Posts Tagged ‘dog behavior’

“Equal Work Equal Pay” Say Dogs

A recent study by scientists in Austria show that humans are not the only ones with a sense of equal rights.

The PNAS report details how a group of dogs were hand selected for their willingness to paw (the doggie equivalent to a handshake).  The group of willing participants were then grouped into pairs, and the not so willing sent home – along with a border collie who was more interested in herding the other dogs.

The dog pairs were then presented with a plate of treats. One side had pieces of bread while the other side had pieces of sausage.  Each dog could see the rewards, and could see what rewards the other dog in the pair was given.  The different pairs were then given different scenarios.

After being asked to “paw” one test group rewarded one dog but not the other.  The dog that did not receive a reward for its action, but watched the other dog get rewarded, refused to participate again.

This suggests that dogs understand fair play and fair pay.  Jealous dogs will not respond to commands and this could be an indication of why your dogs are not obedient.  Is your disobedient dog the victim of favouritism?

Another test group rewarded each dog, but one dog only got the bread treats while the other dog got sausage treats.  The dogs getting the bread treats did not refuse to participate because they were paid less.  However, a similar test with monkeys where they could see a better reward than what they were getting resulted in a boycott.

The phenomenon known as “inequity aversion” where we recognise that a situation is unfair or at least unequal is obvious in people because we can articulate our feelings.  People leave jobs or protest because they are not getting equal pay for equal work.  Children fight because a sibling got a certain toy or treat and they did not.

Now we find out that our pets are equally affected by inequity aversion.  Although they may not have been able to articulate their feelings as well, it seems they do demonstrate behavior which when properly understood is screaming “Unfair! Equal Pay For Equal Work!”
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Stop Your Dog Jumping on People

No matter how much we might enjoy our pet jumping up to greet us, there are many people who dislike having a strange dog coming up and jumping on them.
For many people it can be a frightening experience as not everyone is a dog lover.

Besides that, many people just don’t want dirty paw marks over their clothing.

It can also create major problems if a large dog were to jump up on a child or an elderly person.

Dogs will generally jump up on people because they are overly excited and pleased to see them – even if that person is a stranger.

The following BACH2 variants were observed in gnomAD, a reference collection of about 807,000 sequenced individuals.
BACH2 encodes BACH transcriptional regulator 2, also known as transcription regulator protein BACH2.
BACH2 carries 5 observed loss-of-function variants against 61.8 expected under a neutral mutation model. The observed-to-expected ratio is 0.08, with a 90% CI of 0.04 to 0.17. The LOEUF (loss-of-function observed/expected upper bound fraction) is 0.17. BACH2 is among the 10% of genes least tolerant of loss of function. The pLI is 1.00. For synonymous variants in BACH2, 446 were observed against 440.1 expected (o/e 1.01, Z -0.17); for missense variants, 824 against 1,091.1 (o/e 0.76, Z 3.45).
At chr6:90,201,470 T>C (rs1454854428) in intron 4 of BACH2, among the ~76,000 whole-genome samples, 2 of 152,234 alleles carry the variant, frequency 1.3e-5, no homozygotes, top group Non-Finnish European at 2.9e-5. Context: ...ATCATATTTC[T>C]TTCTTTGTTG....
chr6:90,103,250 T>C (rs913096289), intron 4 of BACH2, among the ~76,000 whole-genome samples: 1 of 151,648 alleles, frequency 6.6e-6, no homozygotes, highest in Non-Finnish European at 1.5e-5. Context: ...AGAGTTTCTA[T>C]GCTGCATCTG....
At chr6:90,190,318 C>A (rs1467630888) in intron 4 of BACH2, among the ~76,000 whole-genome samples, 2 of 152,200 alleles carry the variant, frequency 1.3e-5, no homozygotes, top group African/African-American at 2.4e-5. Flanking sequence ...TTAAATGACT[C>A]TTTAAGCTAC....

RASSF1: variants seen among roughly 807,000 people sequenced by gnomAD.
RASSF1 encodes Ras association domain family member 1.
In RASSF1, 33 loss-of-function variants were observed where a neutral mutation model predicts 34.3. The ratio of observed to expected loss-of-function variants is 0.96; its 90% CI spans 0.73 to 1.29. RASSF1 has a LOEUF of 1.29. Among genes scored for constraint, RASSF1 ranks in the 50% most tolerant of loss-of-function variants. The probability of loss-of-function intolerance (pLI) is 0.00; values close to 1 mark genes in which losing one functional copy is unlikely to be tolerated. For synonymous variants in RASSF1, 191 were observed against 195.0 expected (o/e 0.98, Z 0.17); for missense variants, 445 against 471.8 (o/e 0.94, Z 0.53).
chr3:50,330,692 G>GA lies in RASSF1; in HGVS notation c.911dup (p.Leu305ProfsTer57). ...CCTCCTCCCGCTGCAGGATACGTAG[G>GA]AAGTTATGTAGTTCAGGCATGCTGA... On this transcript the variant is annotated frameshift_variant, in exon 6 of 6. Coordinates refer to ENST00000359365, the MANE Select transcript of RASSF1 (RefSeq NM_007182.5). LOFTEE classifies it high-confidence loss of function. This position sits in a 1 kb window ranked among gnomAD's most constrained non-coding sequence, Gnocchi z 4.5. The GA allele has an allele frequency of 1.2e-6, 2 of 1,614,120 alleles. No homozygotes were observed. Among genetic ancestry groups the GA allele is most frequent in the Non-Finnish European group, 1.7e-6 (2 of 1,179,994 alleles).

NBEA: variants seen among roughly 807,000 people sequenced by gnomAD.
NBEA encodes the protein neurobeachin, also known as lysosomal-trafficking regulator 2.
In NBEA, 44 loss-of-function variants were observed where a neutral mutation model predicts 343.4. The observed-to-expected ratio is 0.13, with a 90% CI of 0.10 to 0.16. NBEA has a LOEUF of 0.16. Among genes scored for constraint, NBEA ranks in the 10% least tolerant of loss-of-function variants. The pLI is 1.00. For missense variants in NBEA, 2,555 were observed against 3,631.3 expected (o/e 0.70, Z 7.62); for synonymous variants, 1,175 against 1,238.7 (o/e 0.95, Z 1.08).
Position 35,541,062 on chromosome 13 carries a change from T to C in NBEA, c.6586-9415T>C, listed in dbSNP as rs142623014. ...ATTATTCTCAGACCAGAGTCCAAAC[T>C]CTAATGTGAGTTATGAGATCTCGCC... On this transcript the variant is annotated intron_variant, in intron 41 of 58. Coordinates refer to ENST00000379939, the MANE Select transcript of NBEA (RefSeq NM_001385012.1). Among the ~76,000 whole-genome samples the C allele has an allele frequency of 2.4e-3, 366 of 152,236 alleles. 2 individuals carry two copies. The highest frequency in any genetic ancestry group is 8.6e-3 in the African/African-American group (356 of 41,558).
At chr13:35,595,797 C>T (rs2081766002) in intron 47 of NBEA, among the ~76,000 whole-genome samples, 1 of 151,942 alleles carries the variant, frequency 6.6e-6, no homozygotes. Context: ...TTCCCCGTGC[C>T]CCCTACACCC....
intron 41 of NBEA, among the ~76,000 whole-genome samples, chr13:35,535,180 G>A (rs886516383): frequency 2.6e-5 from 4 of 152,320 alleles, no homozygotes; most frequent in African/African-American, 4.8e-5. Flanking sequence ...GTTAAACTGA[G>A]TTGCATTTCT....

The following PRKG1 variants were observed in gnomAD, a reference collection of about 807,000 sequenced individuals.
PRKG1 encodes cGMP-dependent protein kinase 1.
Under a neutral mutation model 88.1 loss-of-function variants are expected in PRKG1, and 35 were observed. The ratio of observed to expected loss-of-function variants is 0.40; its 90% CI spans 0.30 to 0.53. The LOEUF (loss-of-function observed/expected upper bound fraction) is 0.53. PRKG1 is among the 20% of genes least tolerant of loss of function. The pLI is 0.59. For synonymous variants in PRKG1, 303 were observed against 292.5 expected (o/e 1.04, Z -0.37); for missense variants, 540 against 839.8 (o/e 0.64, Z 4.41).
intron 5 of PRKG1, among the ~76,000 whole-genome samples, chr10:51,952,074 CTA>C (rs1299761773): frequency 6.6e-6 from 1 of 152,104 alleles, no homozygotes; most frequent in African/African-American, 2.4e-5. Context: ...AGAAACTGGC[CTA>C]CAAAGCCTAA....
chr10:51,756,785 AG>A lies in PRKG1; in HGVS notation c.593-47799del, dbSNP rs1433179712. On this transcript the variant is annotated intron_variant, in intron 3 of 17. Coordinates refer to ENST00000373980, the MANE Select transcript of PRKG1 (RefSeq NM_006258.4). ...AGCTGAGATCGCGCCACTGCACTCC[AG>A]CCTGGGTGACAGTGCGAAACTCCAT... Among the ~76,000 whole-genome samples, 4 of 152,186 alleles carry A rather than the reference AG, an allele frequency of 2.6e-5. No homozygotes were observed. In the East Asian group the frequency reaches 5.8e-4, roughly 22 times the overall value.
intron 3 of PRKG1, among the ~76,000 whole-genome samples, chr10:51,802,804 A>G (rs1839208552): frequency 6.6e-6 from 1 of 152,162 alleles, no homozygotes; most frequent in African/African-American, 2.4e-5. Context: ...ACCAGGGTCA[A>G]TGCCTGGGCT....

Many people inadvertently encourage this behavior by rewarding the dog with attention after the dog has jumped up on them.  The dog then seeks similar reward from other people whether they like it or not.

This is detrimental to the proper training of the dog and all members of the family must realize that they’re doing more harm than good by encouraging their dog to jump up on people.

Consistency is important in all forms of dog training, where members of the dog’s family will need to exercise discipline and accept that training will be all the more difficult if the dog is allowed to continue with this behavior.

Failure to do so will lead to confusion with the pet not knowing what is right or wrong.

An alternative to having your dog jump up on you and other people is to teach it to sit and lift it’s paw when greeting you for a handshake or similar tricks where the dog will be rewarded with attention.

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Have you noticed any changes in your dog’s behavior?

Even the smallest of irregularities could be a clue that something is not right with your pet.

One of the best things you can do for your dog besides regular exercise, good food, water and shelter, is to be aware of any changes that it might exhibit in all aspects of it’s life.

Particularly as dogs get older they might seem like they are just not interested in exercise any longer but this might be due to the fact that they are suffering from pain of some form or another.

Many older dogs suffer from arthritis and this can be very painful.
There are all sorts of remedies that can help your dog from natural remedies to ones that your local vet might prescribe.

Our beloved pets cannot talk to us and they can only hope that we are aware of their conditions by knowing what they are usually like and noticing any behavioral changes.

Even if a normally quiet dog starts whining or barking more often they might be trying to give you a signal that something is not quite right in their life.

A regular checkup at the Vet is a good solution to ensure that your dog is always in optimal health and that includes their mental state.

Older dogs can become depressed because they are no longer getting the required stimulation mentally and a depressed dog will suffer just as a human can do in similar circumstances.

If your dog starts to eat more or less food than normal this could be another sign that there is a problem and also if they gain or lose weight they could be suffering from some health problems.

Always be aware of their behavior and it will help ensure that your dog has a happy and long life.

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